English Class, a poem by Robin Chapman

English Class
Robin Chapman

Twelfth grade reading lists stretched out
as endless as the sentences we diagrammed,
as orderly as the outlines for our senior essays—
“Humanism in England in the Fourteenth Century”
I think I wrote about, cobbling facts together
about Erasmus and the Church, forgetting
those were plague years, and Henry David
Thoreau’s pithy quotes, marching to a different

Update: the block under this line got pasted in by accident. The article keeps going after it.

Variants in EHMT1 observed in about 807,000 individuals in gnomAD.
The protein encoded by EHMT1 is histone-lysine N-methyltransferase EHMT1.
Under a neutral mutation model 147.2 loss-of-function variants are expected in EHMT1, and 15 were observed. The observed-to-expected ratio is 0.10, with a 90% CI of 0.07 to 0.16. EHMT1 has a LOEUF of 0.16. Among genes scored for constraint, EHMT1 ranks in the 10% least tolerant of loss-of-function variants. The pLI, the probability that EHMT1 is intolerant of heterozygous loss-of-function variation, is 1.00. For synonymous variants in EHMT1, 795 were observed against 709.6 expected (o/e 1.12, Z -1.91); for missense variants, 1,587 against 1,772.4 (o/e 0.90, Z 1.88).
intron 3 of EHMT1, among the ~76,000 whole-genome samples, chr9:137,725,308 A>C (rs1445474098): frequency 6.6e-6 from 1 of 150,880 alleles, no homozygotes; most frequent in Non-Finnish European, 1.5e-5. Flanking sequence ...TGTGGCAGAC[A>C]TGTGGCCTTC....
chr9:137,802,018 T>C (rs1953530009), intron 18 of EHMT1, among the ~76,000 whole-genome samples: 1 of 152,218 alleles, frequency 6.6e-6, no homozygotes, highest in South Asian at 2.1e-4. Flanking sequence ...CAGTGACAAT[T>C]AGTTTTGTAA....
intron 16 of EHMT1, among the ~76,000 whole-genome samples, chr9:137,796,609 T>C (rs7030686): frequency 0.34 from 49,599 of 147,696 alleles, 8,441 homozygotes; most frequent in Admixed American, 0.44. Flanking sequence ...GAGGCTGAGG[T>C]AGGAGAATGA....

drummer, hooked me for a solitary ramble
of Walden, not knowing he’d dined every night
with Emerson and Alcott; and our teacher
always turned to us with hope, searching
for some sign that we’d found a spark,
an engaged liveliness, in all those endless
marching words—her eyes lit up, her thin hair
frizzed, her faith in us fixed, misplaced,
stirring fugitive regret in our adolescent gaze,
preoccupied with who to ask to the Swankette Ball
and who to sit with at the Friday football game
(whom, she’d certainly have made us say).

Amherst Books in Amherst,  MA

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English Class, a poem by Robin Chapman

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